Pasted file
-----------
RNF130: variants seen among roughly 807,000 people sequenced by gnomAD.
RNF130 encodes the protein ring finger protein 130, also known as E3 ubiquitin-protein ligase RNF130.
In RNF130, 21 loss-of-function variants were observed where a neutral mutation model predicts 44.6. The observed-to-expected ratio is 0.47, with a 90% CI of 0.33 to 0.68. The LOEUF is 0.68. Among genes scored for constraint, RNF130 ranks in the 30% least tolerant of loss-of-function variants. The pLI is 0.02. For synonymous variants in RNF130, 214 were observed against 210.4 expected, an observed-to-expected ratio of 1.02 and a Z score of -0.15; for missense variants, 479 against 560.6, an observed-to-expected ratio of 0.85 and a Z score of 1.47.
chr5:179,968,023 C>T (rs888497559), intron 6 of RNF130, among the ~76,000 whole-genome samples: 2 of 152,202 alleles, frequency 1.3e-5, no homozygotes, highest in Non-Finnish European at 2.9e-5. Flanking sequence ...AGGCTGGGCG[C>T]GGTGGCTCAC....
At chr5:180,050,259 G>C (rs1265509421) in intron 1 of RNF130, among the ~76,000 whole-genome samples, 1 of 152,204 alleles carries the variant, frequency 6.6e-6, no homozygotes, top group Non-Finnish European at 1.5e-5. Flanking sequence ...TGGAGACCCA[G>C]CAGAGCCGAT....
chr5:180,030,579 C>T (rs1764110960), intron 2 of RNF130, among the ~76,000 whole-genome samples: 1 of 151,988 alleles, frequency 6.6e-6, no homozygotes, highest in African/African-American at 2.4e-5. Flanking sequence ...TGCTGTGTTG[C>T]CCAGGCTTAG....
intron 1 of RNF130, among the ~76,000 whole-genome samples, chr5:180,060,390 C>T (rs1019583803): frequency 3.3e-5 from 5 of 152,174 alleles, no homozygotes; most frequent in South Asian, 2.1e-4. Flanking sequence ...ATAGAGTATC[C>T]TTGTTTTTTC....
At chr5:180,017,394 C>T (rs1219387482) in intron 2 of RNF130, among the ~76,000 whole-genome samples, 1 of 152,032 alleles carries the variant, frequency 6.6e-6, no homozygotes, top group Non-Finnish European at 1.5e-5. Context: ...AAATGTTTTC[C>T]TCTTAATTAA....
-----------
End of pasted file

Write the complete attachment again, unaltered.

RNF130: variants seen among roughly 807,000 people sequenced by gnomAD.
RNF130 encodes the protein ring finger protein 130, also known as E3 ubiquitin-protein ligase RNF130.
In RNF130, 21 loss-of-function variants were observed where a neutral mutation model predicts 44.6. The observed-to-expected ratio is 0.47, with a 90% CI of 0.33 to 0.68. The LOEUF is 0.68. Among genes scored for constraint, RNF130 ranks in the 30% least tolerant of loss-of-function variants. The pLI is 0.02. For synonymous variants in RNF130, 214 were observed against 210.4 expected, an observed-to-expected ratio of 1.02 and a Z score of -0.15; for missense variants, 479 against 560.6, an observed-to-expected ratio of 0.85 and a Z score of 1.47.
chr5:179,968,023 C>T (rs888497559), intron 6 of RNF130, among the ~76,000 whole-genome samples: 2 of 152,202 alleles, frequency 1.3e-5, no homozygotes, highest in Non-Finnish European at 2.9e-5. Flanking sequence ...AGGCTGGGCG[C>T]GGTGGCTCAC....
At chr5:180,050,259 G>C (rs1265509421) in intron 1 of RNF130, among the ~76,000 whole-genome samples, 1 of 152,204 alleles carries the variant, frequency 6.6e-6, no homozygotes, top group Non-Finnish European at 1.5e-5. Flanking sequence ...TGGAGACCCA[G>C]CAGAGCCGAT....
chr5:180,030,579 C>T (rs1764110960), intron 2 of RNF130, among the ~76,000 whole-genome samples: 1 of 151,988 alleles, frequency 6.6e-6, no homozygotes, highest in African/African-American at 2.4e-5. Flanking sequence ...TGCTGTGTTG[C>T]CCAGGCTTAG....
intron 1 of RNF130, among the ~76,000 whole-genome samples, chr5:180,060,390 C>T (rs1019583803): frequency 3.3e-5 from 5 of 152,174 alleles, no homozygotes; most frequent in South Asian, 2.1e-4. Flanking sequence ...ATAGAGTATC[C>T]TTGTTTTTTC....
At chr5:180,017,394 C>T (rs1219387482) in intron 2 of RNF130, among the ~76,000 whole-genome samples, 1 of 152,032 alleles carries the variant, frequency 6.6e-6, no homozygotes, top group Non-Finnish European at 1.5e-5. Context: ...AAATGTTTTC[C>T]TCTTAATTAA....